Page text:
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Two Merced County residents contract Zika virus
Zika mosquito pic
Zika is spread by Aedes mosquitoes, which are active in the daytime, unlike local mosquitoes that tend to bite at dawn and dusk. - photo by Photo Contributed

The Merced County Department of Public Health is reporting that two residents have been confirmed to have the Zika virus.
The two unrelated individuals are believed to have contracted the virus while traveling to countries outside the United States that are currently experiencing active Zika outbreaks.
The health department stated the two residents had mild symptoms of the virus and have recovered after medical treatment.
The Zika virus was confirmed in Stanislaus County in June when a 19-year-old man came down with the virus after traveling to the Caribbean. The man had mild symptoms and did not require hospitalization.
The Centers for Disease Control and Prevention reported 1,658 cases in the U.S. as of Friday. There are 114 cases in California, none of which originated from a bite in the state.
Most of the people sickened in the U.S. came into contact with the virus while overseas, but recently four cases have been confirmed to have originated in Florida, according to the CDC.
The Florida Department of Health identified a Miami neighborhood as a potential hot zone for the virus and the CDC issued a travel warning for the area.
Zika is carried by the Aedes aegypti mosquito, which is known to be in the San Joaquin Valley. The CDC says this type of mosquito is an aggressive day biter, but also known to bite at night.
Most people testing positive for Zika will have mild to no symptoms. The most common symptoms include fever, rash, and joint pain and begin three to seven days after being bitten.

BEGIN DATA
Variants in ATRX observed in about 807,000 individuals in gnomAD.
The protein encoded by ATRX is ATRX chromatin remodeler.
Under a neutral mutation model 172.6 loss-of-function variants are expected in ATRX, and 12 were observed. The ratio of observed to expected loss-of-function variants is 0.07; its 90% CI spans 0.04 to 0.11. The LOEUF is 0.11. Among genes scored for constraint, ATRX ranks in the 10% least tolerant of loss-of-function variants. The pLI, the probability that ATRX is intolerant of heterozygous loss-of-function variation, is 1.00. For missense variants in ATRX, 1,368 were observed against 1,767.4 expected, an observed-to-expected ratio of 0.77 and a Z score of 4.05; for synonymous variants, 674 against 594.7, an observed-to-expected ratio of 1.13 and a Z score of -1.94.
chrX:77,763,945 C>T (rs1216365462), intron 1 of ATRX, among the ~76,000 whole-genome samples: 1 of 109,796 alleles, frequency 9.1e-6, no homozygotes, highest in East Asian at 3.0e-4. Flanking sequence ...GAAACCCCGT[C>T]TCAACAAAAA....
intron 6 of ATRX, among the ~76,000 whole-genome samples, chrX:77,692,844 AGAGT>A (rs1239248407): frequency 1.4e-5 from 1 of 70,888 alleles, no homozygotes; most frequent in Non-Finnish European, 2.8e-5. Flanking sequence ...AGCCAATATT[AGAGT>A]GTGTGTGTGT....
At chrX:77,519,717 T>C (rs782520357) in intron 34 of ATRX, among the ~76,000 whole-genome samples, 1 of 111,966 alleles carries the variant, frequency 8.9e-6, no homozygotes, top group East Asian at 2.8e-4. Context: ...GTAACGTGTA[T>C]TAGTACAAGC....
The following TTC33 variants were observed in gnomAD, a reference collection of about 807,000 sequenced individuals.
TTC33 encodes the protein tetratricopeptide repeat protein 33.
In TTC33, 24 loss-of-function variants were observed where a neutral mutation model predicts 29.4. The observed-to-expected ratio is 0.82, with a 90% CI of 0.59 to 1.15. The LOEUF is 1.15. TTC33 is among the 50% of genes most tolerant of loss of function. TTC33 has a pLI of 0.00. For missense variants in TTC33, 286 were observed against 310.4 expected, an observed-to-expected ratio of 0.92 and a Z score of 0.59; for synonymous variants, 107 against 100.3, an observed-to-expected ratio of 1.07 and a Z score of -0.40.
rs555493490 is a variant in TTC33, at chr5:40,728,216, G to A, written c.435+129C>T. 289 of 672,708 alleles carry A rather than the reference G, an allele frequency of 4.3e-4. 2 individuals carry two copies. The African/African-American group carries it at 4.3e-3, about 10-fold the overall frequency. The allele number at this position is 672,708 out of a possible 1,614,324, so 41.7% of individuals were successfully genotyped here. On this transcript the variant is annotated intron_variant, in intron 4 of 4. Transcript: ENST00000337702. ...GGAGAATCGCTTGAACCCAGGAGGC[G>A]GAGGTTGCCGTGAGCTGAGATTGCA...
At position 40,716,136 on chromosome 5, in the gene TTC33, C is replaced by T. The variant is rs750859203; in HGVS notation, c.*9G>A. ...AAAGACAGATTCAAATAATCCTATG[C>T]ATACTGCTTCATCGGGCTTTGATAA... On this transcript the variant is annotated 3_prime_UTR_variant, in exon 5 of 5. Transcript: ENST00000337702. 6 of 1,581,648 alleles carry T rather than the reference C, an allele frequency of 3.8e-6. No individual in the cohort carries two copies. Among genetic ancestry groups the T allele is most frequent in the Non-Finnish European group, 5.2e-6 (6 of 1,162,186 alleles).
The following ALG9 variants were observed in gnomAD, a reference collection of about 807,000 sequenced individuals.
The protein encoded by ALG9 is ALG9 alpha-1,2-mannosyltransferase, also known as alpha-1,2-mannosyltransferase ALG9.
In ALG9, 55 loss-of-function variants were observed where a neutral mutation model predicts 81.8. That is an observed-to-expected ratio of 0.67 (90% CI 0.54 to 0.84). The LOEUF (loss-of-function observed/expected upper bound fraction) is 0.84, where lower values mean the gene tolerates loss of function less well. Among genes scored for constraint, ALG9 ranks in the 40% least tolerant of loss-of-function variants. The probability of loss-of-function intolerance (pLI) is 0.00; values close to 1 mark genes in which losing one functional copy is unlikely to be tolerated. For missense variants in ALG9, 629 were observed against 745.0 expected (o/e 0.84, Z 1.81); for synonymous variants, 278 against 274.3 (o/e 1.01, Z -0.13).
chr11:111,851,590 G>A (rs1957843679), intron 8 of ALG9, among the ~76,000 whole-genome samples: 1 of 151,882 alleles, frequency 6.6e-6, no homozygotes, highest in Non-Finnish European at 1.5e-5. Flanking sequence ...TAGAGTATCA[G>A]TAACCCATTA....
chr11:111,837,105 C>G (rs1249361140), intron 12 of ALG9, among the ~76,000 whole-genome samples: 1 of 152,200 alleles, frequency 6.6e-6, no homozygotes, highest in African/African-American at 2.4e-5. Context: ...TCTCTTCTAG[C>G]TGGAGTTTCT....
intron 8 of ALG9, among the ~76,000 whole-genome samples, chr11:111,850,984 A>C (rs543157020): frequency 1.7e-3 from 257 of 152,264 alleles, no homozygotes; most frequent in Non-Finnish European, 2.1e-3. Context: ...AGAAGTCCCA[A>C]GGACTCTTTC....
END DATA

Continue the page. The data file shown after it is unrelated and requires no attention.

Severe illness requires supportive care at a hospital. There is no vaccine or cure for Zika.
The virus can be transmitted sexually and is of most concern to pregnant women or women considering getting pregnant in the near future. The virus has been linked to miscarriages and severe birth defects.

All residents are urged to take steps to prevent mosquito bites:

· Use insect repellents containing DEET, picaridin, IR3535, oil of lemon eucalyptus, or para-menthane-diol for long lasting protection. If you use both sunscreen and insect repellent, apply the sunscreen first and then the repellent.

· Using insect repellent is safe and effective. Pregnant women and women who are breastfeeding can and should choose an EPA-registered insect repellent and use it according to the product label.

· When weather permits, wear long-sleeved shirts and long pants.

· Use air conditioning or window/door screens to keep mosquitoes outside. If you are not able to protect yourself from mosquitoes inside your home or hotel, sleep under a mosquito bed net.

· Help reduce the number of mosquitoes outside your home or hotel room by emptying standing water from containers such as flowerpots or buckets.

·    Report neglected swimming pools by calling your local mosquito abatement district. Anonymous calls accepted.

There are two mosquito abatement districts to serve residents in Stanislaus County. Residents north of the Tuolumne River should contact the Eastside Mosquito Abatement District at 522-4098. Residents south of the Tuolumne River should contact the Turlock Mosquito Abatement District at or 634-1234. Residents are urged to continue to report dead birds to the WNV State Hotline at 1-877-968-2473.